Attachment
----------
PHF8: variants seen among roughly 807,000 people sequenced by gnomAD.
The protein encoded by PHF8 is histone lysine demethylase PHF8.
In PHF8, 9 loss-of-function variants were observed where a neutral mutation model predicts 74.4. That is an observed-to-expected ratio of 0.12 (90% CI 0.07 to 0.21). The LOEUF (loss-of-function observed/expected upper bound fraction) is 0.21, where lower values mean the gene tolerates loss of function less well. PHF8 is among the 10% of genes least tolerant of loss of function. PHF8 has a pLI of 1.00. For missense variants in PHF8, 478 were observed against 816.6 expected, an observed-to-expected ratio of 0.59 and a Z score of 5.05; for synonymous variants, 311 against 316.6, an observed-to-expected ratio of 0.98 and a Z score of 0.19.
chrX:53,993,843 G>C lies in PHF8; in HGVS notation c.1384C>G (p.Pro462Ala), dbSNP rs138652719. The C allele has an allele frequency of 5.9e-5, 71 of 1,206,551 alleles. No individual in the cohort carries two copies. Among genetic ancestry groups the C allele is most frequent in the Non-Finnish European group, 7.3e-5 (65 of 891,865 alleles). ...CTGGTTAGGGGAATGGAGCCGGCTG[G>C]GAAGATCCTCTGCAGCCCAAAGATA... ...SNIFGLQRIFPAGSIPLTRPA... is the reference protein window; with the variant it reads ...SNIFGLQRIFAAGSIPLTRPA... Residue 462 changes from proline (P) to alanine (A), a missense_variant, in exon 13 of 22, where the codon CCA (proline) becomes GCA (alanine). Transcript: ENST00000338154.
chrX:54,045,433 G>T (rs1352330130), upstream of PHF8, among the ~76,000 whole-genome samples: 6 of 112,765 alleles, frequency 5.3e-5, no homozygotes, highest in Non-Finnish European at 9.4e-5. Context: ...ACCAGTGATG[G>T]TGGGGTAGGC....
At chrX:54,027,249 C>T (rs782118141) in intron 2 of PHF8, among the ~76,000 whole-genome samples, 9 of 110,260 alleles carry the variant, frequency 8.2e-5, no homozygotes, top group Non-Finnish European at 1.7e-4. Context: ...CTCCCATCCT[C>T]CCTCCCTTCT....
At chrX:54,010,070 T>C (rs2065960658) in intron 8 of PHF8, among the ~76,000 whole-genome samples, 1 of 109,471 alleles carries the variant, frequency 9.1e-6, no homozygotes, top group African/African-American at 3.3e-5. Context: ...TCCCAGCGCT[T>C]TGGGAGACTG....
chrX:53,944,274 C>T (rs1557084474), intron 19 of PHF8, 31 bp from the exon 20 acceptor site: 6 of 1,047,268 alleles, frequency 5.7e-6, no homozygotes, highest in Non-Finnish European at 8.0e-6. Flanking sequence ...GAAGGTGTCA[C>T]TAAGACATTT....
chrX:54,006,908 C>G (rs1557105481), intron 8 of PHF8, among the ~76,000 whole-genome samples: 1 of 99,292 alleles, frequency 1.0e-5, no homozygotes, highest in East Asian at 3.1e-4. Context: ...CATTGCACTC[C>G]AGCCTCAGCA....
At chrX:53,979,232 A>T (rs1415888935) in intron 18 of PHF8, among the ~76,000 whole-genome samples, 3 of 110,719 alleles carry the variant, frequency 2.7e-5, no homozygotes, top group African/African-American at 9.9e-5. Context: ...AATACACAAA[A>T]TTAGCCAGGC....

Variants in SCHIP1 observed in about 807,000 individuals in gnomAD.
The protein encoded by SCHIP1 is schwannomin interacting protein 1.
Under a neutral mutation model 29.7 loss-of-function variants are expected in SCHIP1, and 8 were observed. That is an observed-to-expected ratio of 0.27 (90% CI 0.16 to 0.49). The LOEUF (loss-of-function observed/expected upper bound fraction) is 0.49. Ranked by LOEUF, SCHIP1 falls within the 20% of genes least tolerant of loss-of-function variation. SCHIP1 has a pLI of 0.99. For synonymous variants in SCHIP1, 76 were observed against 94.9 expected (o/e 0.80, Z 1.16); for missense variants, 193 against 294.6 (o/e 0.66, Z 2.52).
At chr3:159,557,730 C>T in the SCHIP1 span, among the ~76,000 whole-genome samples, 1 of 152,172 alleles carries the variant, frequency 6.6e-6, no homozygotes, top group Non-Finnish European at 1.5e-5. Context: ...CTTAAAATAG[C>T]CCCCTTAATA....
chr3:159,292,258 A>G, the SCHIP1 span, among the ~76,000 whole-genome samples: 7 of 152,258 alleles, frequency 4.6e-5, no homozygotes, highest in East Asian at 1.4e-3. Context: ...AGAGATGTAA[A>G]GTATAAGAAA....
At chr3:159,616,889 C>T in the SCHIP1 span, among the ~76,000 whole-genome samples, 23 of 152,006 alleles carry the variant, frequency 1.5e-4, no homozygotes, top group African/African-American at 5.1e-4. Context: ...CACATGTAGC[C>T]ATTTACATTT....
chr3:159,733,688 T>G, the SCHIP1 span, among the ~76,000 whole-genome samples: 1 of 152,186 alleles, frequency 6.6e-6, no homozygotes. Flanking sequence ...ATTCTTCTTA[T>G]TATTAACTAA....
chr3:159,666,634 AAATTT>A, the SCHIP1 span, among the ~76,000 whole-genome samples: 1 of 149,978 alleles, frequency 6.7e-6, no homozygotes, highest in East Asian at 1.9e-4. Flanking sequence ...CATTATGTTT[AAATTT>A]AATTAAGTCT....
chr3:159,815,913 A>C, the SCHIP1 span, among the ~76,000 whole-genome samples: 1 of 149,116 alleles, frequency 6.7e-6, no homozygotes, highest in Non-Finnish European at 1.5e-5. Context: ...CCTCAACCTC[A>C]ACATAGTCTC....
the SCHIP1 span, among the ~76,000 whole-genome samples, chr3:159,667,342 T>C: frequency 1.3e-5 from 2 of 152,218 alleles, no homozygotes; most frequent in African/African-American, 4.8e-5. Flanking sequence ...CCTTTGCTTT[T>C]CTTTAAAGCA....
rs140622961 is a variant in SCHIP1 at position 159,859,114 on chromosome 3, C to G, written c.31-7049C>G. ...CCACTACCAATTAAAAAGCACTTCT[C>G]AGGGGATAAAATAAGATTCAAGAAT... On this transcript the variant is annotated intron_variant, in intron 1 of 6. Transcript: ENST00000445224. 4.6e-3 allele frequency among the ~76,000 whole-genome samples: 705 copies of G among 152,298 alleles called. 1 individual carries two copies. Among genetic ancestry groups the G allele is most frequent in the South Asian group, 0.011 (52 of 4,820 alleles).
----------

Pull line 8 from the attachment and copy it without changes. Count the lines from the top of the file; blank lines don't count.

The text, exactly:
chrX:53,944,274 C>T (rs1557084474), intron 19 of PHF8, 31 bp from the exon 20 acceptor site: 6 of 1,047,268 alleles, frequency 5.7e-6, no homozygotes, highest in Non-Finnish European at 8.0e-6. Flanking sequence ...GAAGGTGTCA[C>T]TAAGACATTT....